You might think that that’s a rather odd thing to say, that I’m telling my daughters that it’s okay to make mistakes. Of course I want them to do the right thing and be ‘successful’ but what I want them realise that sometimes we fail before we succeed. That so often things take time and mistakes are all part of the learning process. I can say, hand on heart, that I have learnt more from my business mistakes than from any business book.
As a child I was very aware that I had to work hard, do the ‘right thing’ and be careful. When everyone else was climbing the tree I was at the bottom wringing my hands and telling them all to be careful. I don’t think I’ve ever even tried to climb a tree. It got the point that I was scared of trying new things. I was scared of making a fool of myself, of getting it wrong and ultimately failing. I’d tied up my self esteem with being seen as successful and good, with being careful and not making mistakes. I’d be scared of trying a new activity just in case I either wasn’t very good at it or I messed up while learning.
I can see the same traits in my girls that plagued me as child and then even still as an adult. They give up before really even trying, they write themselves off as a failure before they’ve even begun. It hurts my heart to see my littlest girl realising that she’s not as good as her sister at something so she sits down and then refuses to try again.
Thinking back to my own childhood I can remember as a child praising my mum’s drawings and creativity and asking why she didn’t do more and why she didn’t pursue art. She told me that when she was at school there were other people better than her in her art class so she gave up. Rather than recognising her own talent and creativity she compared herself to others and stopped doing something she so clearly loved and had a talent for. How sad is that? Perhaps it’s a female generational thing in our family? Something innate in us, or maybe it’s down to parenting? While I don’t have the exact answer I do know that we are not alone in this, it seems to be a girl thing.
..the higher the girls’ IQ, the more likely they were to give up
I read a study by Carol S Dweck from the 1980s recently, it studied a group of 5th grade children. She found that bright girls, when given something to learn that was particularly foreign or complex, were quick to give up–and the higher the girls’ IQ, the more likely they were to give up. Bizarrely, it was the straight-A girls that showed the most helpless responses. Bright boys, on the other hand, saw the difficult material as a challenge, and found it energizing. They were more likely to redouble their efforts, rather than give up.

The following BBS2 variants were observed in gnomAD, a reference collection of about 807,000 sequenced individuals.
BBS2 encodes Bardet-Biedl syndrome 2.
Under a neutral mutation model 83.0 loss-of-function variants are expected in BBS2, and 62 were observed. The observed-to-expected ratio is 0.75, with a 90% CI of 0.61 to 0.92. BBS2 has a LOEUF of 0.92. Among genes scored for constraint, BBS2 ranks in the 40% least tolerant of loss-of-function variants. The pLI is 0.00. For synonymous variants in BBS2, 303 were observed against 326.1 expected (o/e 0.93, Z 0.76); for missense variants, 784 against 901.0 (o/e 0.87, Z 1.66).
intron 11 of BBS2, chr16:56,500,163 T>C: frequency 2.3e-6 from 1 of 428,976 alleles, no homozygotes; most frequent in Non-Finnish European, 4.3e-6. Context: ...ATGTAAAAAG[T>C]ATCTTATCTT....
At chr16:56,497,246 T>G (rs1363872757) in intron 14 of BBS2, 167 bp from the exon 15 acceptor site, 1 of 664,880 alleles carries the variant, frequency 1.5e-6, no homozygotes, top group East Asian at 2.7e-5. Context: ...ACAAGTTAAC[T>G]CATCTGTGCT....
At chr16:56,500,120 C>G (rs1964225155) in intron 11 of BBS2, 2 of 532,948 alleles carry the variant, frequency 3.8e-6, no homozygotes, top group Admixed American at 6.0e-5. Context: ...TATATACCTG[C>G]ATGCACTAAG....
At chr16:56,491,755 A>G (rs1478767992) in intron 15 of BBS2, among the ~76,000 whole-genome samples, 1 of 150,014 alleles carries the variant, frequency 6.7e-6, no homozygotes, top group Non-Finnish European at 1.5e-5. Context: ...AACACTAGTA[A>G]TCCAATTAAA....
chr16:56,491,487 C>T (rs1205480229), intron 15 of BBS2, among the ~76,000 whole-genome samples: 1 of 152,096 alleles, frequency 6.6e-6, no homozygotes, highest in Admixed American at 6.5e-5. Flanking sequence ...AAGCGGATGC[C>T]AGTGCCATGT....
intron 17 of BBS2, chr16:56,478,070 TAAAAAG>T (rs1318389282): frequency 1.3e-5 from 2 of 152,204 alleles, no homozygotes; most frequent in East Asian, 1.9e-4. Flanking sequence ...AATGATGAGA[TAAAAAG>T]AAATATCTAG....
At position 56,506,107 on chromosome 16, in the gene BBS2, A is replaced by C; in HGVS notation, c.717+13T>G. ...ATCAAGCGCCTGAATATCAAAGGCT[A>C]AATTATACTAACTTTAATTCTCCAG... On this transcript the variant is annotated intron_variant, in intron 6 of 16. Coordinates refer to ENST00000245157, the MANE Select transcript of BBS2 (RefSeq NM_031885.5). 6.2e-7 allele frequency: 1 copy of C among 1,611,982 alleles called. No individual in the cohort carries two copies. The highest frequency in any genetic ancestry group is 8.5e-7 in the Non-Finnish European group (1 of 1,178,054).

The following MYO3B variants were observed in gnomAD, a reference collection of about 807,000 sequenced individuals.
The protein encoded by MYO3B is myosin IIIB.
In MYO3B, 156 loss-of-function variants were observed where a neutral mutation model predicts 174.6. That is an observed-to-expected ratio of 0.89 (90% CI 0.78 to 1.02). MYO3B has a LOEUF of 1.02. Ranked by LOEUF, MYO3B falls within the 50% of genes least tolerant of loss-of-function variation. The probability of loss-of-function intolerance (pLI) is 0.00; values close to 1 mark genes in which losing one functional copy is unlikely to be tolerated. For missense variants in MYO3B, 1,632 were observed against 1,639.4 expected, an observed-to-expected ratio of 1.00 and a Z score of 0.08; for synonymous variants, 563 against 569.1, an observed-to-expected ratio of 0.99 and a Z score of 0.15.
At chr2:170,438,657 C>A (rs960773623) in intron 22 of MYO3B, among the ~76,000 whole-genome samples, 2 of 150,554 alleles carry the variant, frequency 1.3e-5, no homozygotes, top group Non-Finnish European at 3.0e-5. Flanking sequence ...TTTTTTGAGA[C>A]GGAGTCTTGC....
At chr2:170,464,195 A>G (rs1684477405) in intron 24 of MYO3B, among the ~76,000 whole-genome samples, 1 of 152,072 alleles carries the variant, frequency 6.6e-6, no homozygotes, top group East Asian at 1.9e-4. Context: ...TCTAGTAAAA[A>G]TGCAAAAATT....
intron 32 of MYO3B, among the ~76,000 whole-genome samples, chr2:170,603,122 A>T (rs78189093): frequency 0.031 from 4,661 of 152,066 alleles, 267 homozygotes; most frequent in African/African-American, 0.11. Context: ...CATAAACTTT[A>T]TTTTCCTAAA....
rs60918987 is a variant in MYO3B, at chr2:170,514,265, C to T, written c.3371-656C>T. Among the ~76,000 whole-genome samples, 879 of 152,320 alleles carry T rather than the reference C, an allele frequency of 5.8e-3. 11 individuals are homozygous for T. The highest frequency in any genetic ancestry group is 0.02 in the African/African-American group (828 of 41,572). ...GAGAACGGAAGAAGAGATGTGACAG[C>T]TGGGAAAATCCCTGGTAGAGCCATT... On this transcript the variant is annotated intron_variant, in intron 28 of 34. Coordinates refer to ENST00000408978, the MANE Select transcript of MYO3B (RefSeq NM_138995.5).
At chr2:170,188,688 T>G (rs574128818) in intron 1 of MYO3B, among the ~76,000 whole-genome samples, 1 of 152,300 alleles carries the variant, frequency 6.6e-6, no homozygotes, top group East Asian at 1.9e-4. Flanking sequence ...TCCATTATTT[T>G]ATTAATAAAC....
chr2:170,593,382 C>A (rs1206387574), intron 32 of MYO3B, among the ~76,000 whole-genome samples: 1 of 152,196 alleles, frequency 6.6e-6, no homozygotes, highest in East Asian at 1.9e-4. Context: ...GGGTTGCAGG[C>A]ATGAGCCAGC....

Girls seem to believe that they need to be innately good at something to achieve and succeed, whereas boys generally put in more effort and reapply themselves (if motivated). There’s something to be said for watching the way we praise our children.
We need to be teaching our girls bravery NOT perfection
We love the film Zootropolis, for those that don’t know it’s a kids film where the main story centres around a young female rabbit that wants to become a police officer, yet there has never been any rabbit police offices in fact it’s just not seen as a job for small animals. She faces so much negativity and opposition, even inadvertently from her own parents yet she never gives up on her dream. She digs deep and works hard, she makes mistakes but she picks herself up and keeps trying. It’s such a fantastic message for children (and adults!) and even the albeit, very annoying, soundtrack has some great lines –
I messed up tonight
I lost another fight
I still mess up but I’ll just start again
I keep falling down
I keep on hitting the ground
I always get up now to see what’s next
Birds don’t just fly
They fall down and get up
Nobody learns without getting it won
I won’t give up, no I won’t give in
Till I reach the end
And then I’ll start again
Though I’m on the lead
I wanna try everything
I wanna try even though I could fail
How fantastic are they? I often remind my girls of this song when they are struggling with something or just want to give up – (I’m sure I’m very annoying to them!)
So going forward I am focusing on praising my girls’ efforts, positively reinforcing them when they try something new or put in the extra work, and when they pick themselves up and try again, so to speak! I don’t want them to have a fear of failure that stops them even trying, think how many opportunities can be missed when we have that kind of mindset. The sense of satisfaction that you get when you dig deep and be brave and then achieve is priceless isn’t it? I want that for my girls.
I’d love to know what you think
Can you relate at all?
Further reading and inspiration
This is the video that gave me the kick I needed to write this post.
Psychology Today -The Trouble With Bright Girls
Morgana is a social media coach for small businesses and entrepreneurs, specialising in Instagram and Pinterest. Based in the North West of the UK, where she lives with her husband and two daughters. She particularly enjoys a Netflix binge watch and cannot function without black coffee and dark chocolate digestives.